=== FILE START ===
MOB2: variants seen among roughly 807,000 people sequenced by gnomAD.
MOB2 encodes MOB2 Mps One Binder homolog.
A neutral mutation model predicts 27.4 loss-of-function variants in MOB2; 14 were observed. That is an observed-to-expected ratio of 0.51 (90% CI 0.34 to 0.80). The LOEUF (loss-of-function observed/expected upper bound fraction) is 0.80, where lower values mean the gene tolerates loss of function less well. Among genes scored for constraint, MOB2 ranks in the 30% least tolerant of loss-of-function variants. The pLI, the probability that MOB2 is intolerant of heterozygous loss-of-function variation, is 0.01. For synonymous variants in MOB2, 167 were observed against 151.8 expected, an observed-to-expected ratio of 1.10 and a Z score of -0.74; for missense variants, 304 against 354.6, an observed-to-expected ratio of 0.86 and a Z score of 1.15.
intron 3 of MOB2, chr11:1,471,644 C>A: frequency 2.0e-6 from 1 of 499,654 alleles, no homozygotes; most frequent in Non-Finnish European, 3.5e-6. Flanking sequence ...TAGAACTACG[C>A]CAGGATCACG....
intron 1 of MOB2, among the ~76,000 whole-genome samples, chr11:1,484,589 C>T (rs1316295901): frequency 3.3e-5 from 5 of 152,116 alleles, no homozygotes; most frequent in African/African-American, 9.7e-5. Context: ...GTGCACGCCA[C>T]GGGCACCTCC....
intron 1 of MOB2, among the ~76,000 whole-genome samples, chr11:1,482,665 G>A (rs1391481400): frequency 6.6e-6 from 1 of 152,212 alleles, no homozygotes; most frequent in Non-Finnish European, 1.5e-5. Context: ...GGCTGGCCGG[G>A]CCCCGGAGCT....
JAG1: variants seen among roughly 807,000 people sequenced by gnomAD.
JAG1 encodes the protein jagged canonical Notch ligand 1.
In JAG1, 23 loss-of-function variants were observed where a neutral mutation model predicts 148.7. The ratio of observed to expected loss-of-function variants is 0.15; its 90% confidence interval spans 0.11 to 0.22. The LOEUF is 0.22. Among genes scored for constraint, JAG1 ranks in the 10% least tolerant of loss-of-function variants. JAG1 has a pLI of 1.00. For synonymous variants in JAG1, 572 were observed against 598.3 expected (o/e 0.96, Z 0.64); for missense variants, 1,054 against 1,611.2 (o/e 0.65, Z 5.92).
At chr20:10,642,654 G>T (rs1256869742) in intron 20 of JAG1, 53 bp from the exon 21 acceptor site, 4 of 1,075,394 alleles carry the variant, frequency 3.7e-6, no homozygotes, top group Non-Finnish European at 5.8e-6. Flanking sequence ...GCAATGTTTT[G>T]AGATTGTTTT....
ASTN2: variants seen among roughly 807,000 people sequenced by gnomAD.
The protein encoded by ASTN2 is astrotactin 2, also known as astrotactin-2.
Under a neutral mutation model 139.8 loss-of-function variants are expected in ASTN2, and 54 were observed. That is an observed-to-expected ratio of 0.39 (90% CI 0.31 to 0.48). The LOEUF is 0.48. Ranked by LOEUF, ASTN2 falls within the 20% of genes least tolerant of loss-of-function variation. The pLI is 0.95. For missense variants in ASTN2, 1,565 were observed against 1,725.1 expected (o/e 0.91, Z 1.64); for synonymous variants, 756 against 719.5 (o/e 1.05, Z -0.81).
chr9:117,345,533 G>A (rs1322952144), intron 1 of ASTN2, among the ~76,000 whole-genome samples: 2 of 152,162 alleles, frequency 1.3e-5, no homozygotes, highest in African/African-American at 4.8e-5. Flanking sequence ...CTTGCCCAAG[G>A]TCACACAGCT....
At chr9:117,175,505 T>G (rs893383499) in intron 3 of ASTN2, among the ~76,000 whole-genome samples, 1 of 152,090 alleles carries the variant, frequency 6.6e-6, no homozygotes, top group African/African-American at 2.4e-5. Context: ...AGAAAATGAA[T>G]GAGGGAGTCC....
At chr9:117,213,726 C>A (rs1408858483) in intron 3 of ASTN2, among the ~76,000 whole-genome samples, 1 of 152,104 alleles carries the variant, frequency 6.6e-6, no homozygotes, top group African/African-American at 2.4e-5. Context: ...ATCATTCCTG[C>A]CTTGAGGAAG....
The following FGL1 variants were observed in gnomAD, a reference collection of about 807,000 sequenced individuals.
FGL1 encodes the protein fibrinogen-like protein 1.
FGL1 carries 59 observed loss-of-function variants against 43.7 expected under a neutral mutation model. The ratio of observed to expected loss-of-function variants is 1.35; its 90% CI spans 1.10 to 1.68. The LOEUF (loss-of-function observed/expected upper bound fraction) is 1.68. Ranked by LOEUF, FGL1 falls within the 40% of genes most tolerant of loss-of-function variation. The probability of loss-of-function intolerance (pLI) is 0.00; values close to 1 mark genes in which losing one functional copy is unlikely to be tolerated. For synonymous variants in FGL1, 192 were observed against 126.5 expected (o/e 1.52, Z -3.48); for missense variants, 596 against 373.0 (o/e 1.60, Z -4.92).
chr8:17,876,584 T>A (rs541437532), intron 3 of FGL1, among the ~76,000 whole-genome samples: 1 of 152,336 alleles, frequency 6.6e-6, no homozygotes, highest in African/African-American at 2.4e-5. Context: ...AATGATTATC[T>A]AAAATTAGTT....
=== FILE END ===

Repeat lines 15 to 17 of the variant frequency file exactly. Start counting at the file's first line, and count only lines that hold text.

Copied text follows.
At chr9:117,175,505 T>G (rs893383499) in intron 3 of ASTN2, among the ~76,000 whole-genome samples, 1 of 152,090 alleles carries the variant, frequency 6.6e-6, no homozygotes, top group African/African-American at 2.4e-5. Context: ...AGAAAATGAA[T>G]GAGGGAGTCC....
At chr9:117,213,726 C>A (rs1408858483) in intron 3 of ASTN2, among the ~76,000 whole-genome samples, 1 of 152,104 alleles carries the variant, frequency 6.6e-6, no homozygotes, top group African/African-American at 2.4e-5. Context: ...ATCATTCCTG[C>A]CTTGAGGAAG....
The following FGL1 variants were observed in gnomAD, a reference collection of about 807,000 sequenced individuals.